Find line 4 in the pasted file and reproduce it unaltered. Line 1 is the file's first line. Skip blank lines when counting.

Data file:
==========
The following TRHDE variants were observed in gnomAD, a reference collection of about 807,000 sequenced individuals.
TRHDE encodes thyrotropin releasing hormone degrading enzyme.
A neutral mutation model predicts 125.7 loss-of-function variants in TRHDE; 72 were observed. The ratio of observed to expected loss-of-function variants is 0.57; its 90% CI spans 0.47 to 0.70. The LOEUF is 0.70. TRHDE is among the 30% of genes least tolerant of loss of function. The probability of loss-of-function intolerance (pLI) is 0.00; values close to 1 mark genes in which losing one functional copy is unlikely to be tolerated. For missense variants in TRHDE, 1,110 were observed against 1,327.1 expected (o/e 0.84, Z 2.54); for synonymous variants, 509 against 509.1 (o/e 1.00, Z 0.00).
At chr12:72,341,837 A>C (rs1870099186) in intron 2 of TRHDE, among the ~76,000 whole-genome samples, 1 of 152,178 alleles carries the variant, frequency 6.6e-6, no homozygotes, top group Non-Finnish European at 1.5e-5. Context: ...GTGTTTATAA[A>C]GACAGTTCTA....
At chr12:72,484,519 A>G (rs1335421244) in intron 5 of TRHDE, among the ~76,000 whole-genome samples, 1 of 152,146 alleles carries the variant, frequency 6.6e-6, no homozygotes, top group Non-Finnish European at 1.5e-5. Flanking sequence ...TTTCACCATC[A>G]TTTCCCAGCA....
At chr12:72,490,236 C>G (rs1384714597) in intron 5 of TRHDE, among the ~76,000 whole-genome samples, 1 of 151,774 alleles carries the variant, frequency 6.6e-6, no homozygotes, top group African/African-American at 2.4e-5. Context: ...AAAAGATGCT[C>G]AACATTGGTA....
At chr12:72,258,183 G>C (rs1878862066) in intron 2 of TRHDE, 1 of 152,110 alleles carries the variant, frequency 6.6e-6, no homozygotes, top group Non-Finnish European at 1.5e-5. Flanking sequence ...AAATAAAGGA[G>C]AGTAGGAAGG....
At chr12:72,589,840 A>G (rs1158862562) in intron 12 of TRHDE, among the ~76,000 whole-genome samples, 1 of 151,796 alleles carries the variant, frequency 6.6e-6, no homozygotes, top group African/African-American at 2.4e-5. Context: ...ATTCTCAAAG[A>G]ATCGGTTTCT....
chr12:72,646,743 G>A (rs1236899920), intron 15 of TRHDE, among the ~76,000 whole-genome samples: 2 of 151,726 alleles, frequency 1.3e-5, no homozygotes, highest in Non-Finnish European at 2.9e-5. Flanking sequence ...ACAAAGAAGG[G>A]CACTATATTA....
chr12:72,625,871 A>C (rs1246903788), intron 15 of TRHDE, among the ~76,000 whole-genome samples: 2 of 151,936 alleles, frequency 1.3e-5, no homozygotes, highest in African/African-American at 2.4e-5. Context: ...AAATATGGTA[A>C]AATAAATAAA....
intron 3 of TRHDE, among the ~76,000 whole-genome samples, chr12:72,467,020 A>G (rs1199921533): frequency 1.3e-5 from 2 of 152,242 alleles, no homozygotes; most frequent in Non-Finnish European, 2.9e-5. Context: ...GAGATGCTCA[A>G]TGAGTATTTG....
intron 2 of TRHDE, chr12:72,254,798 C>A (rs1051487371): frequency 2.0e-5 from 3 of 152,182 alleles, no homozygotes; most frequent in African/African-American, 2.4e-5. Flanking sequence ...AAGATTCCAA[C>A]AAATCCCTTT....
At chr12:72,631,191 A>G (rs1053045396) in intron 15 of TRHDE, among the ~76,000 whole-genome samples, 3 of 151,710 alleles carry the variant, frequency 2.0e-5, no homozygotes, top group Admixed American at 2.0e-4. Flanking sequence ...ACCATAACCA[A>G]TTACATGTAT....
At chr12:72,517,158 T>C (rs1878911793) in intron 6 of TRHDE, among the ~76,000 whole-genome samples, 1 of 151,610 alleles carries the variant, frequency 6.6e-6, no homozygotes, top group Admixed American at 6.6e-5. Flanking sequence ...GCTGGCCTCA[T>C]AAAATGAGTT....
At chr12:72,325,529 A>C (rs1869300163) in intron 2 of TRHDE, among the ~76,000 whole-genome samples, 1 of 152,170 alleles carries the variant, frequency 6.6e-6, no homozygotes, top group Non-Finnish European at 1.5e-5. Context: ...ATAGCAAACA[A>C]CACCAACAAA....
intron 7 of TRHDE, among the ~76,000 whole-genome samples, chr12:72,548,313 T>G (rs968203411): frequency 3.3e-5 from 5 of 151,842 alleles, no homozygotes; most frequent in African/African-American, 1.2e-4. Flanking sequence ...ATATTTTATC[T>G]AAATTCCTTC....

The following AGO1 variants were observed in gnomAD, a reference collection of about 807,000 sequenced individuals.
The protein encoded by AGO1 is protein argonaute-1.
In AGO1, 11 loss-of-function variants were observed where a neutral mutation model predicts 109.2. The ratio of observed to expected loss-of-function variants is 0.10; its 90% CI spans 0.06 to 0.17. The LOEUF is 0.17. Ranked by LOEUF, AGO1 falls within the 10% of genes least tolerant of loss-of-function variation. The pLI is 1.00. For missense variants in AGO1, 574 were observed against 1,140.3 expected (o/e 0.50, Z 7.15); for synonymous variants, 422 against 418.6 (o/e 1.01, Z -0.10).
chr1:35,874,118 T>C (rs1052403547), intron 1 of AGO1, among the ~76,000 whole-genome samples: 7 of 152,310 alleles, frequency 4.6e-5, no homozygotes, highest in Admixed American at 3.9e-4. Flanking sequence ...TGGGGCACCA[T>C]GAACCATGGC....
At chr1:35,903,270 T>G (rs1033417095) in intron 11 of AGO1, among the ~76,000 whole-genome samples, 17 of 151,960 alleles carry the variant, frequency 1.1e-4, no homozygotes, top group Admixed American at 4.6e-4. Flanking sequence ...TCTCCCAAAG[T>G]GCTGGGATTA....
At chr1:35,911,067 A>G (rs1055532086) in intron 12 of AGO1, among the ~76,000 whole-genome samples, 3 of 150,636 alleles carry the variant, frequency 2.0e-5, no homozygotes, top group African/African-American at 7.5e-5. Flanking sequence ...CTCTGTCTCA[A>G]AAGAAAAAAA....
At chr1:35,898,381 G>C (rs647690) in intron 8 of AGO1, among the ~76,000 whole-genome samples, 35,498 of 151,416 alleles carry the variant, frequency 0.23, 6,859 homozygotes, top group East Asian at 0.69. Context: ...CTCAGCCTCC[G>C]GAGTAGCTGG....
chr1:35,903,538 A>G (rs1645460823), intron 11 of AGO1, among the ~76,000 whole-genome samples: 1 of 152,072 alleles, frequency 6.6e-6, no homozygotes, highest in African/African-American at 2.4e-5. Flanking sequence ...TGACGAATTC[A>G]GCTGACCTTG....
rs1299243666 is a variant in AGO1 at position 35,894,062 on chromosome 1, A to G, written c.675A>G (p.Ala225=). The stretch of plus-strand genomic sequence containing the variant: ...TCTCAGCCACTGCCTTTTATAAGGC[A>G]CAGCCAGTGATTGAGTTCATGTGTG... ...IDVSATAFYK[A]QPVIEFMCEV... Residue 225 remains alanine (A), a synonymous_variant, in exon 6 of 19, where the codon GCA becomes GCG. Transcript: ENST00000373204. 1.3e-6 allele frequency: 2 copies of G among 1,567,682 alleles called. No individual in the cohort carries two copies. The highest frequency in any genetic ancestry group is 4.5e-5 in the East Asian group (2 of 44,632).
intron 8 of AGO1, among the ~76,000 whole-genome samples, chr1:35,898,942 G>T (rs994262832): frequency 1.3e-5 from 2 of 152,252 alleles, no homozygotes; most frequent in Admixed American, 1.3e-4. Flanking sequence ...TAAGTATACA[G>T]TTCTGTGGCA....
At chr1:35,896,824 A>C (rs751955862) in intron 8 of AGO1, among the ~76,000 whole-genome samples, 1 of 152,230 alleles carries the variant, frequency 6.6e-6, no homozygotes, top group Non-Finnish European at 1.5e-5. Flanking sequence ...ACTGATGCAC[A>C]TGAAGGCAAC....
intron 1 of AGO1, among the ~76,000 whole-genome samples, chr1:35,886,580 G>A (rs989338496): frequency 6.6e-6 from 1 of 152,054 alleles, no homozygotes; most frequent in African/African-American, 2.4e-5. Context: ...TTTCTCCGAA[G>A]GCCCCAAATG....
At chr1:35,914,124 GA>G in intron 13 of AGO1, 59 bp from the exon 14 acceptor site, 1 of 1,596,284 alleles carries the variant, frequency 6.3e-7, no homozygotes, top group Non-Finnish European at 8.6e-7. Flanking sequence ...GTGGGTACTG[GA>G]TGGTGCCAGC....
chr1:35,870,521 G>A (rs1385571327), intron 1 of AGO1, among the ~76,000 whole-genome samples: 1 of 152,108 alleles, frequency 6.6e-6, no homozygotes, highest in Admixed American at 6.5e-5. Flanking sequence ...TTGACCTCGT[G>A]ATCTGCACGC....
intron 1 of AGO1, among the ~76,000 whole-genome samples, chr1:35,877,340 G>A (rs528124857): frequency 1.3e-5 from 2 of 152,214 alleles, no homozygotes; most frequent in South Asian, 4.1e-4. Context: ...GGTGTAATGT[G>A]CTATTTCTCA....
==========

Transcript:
At chr12:72,341,837 A>C (rs1870099186) in intron 2 of TRHDE, among the ~76,000 whole-genome samples, 1 of 152,178 alleles carries the variant, frequency 6.6e-6, no homozygotes, top group Non-Finnish European at 1.5e-5. Context: ...GTGTTTATAA[A>C]GACAGTTCTA....